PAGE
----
On Jan. 21, 2014, New Jersey Gov. Chris Christie signed legislation expanding the New Jersey Law Against Discrimination (LAD) to provide heightened protections to pregnant employees and job applicants, beyond those already afforded under the LAD or any federal anti-discrimination statute on the books. The new law, which took effect immediately, makes a number of important changes to the state’s anti-discrimination statute of which employers should be aware.
First, the amendments added pregnancy to the list of traits explicitly protected under the statute. Although New Jersey courts have previously interpreted the LAD’s prohibition against gender discrimination to encompass pregnancy-based discrimination as well, “pregnancy” – which is defined to include pregnancy, childbirth and medical conditions related to pregnancy or childbirth – is now a stand-alone protected class under the statute. Thus, the LAD now specifically provides that it shall be unlawful for an employer to discriminate against an employee or job applicant because she is pregnant, and prohibits employers from treating female employees whom the employer knows (or should know) are pregnant less favorably than it treats its non-pregnant workers.
Second, the amendments expanded the LAD so as to require employers to provide reasonable accommodations to pregnant employees, regardless of the stage or “routine” nature of the pregnancy in question, so long as the sought-after accommodation is based upon the advice of the employee’s physician. This particular aspect of the new law constitutes a significant expansion of the protections afforded to pregnant employees under New Jersey’s anti-discrimination statute. Prior to the amendments, an employer’s obligation to provide an accommodation to a pregnant worker was contingent upon her pregnancy being uniquely complicated so as to render the pregnancy a “handicap” within the meaning of the LAD’s disability discrimination provisions. Consequently, employers in New Jersey were not previously required to provide reasonable accommodations to employees with “normal” or “run-of-the-mill” pregnancies. That subtle (but important) distinction was eliminated with the passage of the new law.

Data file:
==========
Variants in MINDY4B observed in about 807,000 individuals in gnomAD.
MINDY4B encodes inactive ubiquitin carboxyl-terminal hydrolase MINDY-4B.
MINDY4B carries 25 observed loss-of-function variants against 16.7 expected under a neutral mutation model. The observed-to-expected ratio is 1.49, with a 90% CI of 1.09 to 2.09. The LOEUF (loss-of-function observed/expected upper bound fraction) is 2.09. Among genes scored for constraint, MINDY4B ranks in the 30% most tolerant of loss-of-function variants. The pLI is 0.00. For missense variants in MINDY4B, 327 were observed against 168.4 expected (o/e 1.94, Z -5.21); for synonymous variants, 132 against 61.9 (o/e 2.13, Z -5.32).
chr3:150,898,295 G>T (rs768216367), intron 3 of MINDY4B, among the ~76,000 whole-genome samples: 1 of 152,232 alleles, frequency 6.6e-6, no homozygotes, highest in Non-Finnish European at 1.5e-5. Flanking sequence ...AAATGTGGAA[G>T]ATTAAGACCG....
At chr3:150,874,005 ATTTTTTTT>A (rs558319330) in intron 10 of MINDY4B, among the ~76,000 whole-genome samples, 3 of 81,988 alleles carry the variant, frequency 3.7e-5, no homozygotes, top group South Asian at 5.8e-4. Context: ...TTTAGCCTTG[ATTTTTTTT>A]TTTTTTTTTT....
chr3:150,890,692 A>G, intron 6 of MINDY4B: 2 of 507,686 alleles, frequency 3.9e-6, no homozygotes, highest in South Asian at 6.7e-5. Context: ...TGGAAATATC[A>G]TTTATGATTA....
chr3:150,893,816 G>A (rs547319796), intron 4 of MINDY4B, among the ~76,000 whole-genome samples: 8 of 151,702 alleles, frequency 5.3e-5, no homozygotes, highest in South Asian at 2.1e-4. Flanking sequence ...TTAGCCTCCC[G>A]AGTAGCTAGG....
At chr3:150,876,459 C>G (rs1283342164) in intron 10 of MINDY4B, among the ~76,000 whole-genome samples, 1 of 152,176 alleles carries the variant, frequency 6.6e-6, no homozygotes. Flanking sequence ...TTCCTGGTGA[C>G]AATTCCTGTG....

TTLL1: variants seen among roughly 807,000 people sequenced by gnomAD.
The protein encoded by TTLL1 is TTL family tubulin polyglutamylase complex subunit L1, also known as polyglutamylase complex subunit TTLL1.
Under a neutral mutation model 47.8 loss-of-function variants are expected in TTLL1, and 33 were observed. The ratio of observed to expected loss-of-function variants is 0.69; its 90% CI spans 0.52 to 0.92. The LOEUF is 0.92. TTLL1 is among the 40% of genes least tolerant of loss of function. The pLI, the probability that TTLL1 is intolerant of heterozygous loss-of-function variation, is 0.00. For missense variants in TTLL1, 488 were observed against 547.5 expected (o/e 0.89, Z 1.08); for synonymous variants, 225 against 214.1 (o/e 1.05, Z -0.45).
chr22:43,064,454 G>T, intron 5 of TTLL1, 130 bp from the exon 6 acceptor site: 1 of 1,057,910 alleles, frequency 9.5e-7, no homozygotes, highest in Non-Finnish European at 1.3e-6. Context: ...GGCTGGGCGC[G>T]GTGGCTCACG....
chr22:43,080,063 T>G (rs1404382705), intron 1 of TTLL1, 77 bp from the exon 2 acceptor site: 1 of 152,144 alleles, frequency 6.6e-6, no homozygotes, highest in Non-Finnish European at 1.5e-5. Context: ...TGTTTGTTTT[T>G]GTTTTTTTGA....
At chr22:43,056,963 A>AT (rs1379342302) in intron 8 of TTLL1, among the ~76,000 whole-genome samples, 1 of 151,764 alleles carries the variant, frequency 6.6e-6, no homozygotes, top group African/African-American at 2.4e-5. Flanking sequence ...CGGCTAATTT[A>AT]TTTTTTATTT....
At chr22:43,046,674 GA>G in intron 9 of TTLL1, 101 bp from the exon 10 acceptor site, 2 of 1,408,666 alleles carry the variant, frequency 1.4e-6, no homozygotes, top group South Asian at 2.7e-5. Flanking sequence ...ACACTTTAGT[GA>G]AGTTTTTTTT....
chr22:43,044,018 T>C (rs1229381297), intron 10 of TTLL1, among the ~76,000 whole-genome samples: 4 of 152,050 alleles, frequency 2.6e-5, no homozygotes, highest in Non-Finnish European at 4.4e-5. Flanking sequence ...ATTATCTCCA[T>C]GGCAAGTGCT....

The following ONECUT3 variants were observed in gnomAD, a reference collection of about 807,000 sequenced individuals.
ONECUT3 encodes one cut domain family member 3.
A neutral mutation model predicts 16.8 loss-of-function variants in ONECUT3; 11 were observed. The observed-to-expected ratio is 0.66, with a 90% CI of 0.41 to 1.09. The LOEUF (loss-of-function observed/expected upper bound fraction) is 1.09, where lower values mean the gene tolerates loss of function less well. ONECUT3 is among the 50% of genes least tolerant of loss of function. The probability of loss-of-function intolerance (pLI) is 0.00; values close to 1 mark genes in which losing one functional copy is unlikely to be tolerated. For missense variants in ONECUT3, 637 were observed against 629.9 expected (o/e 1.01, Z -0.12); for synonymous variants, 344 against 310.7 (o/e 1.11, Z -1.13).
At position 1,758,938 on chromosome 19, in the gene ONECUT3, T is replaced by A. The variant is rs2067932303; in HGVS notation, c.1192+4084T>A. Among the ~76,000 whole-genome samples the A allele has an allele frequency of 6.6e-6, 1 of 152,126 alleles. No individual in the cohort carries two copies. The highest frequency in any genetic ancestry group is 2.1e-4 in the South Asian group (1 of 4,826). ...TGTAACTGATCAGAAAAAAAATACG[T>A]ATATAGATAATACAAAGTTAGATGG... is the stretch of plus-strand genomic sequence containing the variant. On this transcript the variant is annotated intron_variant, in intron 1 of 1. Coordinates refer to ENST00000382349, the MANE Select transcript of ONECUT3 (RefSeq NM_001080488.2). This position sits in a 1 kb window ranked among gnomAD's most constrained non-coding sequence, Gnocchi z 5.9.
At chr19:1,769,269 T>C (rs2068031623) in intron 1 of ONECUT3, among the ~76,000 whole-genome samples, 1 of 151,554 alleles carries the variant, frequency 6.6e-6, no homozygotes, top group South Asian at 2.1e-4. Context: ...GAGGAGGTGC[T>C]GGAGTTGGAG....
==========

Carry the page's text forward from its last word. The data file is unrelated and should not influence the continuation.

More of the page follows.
Insofar as what qualifies as a “reasonable accommodation,” the amendments provide an expansive (but not exhaustive) list of the types of accommodations that may be required in this context, which include bathroom breaks, breaks for increased water intake, periodic rest, assistance with manual labor, job restructuring, modified work schedules, and temporary transfers to less strenuous or hazardous work.
That being said, employers are still not obligated to provide an accommodation if doing so would impose an “undue hardship” upon its business operations. To determine whether a particular accommodation would meet this standard, the new law sets forth a non-exhaustive list of factors that should be considered, including the size of the employer’s business, the type of the employer’s operations, the nature and cost of the accommodation requested, and the degree to which the accommodation would require the employer to forgo an essential function of the employee’s position, as opposed to ancillary job duties.
Finally, the new law prohibits employers from retaliating against employees for requesting or using pregnancy-related accommodations.
As is true for all other forms of discrimination under the LAD, any employee who is subjected to unlawful discrimination or retaliation under this new law may be entitled to recover a range of relief, including compensatory damages, punitive damages and attorneys’ fees.
In light of these new changes, employers in New Jersey would be well advised to review and revise their employment policies to ensure that they adequately account for the new statutory protections afforded to the state’s pregnant workers.
Ms. Colwin, managing partner of Gordon & Rees’s New York office, is a leading U.S. trial lawyer with 48 cases successfully tried to verdict. She is a legal analyst on the Fox News Network, where she regularly appears on legal issues involving high-profile matters. Ms. Colwin represents corporate executives and Fortune 500 clients who rely on her and her team of attorneys and experts to handle high-stakes legal matters. She recently served as co-chair for the American Conference Institute’s 20th National Employment Practices Liability Insurance Conference and she was selected as vice chair of the Federation of Defense & Corporate Counsel’s Employment Section for 2012-2013. Ms. Colwin has received numerous national recognitions, including Notre Dame Law School’s prestigious Graciela Olivarez Award, and she was named by Forbes Business American Airlines as one of the six most influential women in America.